The early church knew this. They were watching for the return of Christ, and they lived in that spirit. My son is called Gregory, which means watchful, and that name was so popular in the first centuries of Christianity because the church was watching for the return of Christ. And they were living in the spirit of this kingdom. And yet the passing of the centuries and the deal they eventually did with the Roman Empire meant that this spirit was lost.

There’s another way in which we can look for the second coming. Various religious groups have believed that Christ had already come again, such as the early Quakers for whom the return of Christ was an inward experience. George Fox, the founder of Quakers in the mid-17th century, said that “Christ has come to teach his people himself”, and this led them to challenge the powers of the world and still animates their mixture of social action, radicalism, and contemplative worship. In a more mainstream form of liberal theology, the late American theologian Marcus Borg wrote:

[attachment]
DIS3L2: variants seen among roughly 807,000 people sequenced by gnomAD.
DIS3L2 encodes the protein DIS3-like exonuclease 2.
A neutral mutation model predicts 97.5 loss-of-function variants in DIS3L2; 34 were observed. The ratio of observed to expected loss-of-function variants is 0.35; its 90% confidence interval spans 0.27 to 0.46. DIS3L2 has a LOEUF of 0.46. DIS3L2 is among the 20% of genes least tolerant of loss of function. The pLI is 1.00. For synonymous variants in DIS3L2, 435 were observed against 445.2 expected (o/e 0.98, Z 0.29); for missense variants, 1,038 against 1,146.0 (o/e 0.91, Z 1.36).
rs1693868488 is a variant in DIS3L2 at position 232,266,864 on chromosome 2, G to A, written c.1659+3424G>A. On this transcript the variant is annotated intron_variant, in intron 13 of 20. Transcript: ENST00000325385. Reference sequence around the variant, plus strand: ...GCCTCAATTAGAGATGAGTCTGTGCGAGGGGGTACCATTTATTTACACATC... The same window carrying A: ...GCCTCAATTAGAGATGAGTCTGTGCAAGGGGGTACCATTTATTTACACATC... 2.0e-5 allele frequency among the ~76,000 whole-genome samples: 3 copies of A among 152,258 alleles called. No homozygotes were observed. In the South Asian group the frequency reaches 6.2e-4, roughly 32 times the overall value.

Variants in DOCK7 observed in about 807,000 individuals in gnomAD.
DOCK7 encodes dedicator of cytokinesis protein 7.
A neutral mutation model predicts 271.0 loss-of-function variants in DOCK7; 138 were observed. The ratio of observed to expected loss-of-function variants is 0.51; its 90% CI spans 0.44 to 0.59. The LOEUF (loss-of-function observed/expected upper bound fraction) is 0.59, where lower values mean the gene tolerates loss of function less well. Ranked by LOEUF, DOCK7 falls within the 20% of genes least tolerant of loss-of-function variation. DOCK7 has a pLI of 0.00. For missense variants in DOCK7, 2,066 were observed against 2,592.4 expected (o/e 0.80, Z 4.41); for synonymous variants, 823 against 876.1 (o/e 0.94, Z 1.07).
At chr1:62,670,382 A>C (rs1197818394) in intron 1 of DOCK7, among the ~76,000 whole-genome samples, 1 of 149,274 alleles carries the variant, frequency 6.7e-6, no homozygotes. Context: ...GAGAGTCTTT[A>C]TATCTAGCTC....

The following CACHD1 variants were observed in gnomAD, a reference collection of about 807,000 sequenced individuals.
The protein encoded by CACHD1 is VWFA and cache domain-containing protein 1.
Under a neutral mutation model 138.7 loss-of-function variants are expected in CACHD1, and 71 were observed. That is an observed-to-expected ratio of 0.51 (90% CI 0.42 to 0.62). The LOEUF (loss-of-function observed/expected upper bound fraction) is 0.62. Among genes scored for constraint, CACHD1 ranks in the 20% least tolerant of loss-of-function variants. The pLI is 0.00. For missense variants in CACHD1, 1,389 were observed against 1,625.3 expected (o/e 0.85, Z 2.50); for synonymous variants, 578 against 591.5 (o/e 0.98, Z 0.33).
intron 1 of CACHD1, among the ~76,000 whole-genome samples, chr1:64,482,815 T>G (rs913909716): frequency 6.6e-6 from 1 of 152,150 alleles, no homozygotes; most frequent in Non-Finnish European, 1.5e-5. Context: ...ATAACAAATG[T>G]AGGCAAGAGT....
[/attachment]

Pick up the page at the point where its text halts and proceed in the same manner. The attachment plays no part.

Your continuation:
During Advent, we remember the first coming of Jesus, even as we prepare for his second coming. And the second coming occurs each year at Christmas, with the birth of Christ within us, the coming of Christ into our lives. Christ comes again and again and again, and in many ways. In a symbolic and spiritual sense, the second coming of Christ is about the coming of the Christ who is already here.
So perhaps this is the hope for Advent, and the message of this passage. In the midst of desolation, in the midst of despair, be watchful, be ready, live your life so that Christ can come again within you and among you at any time. And he will give you strength, and hope, and new life and transformation.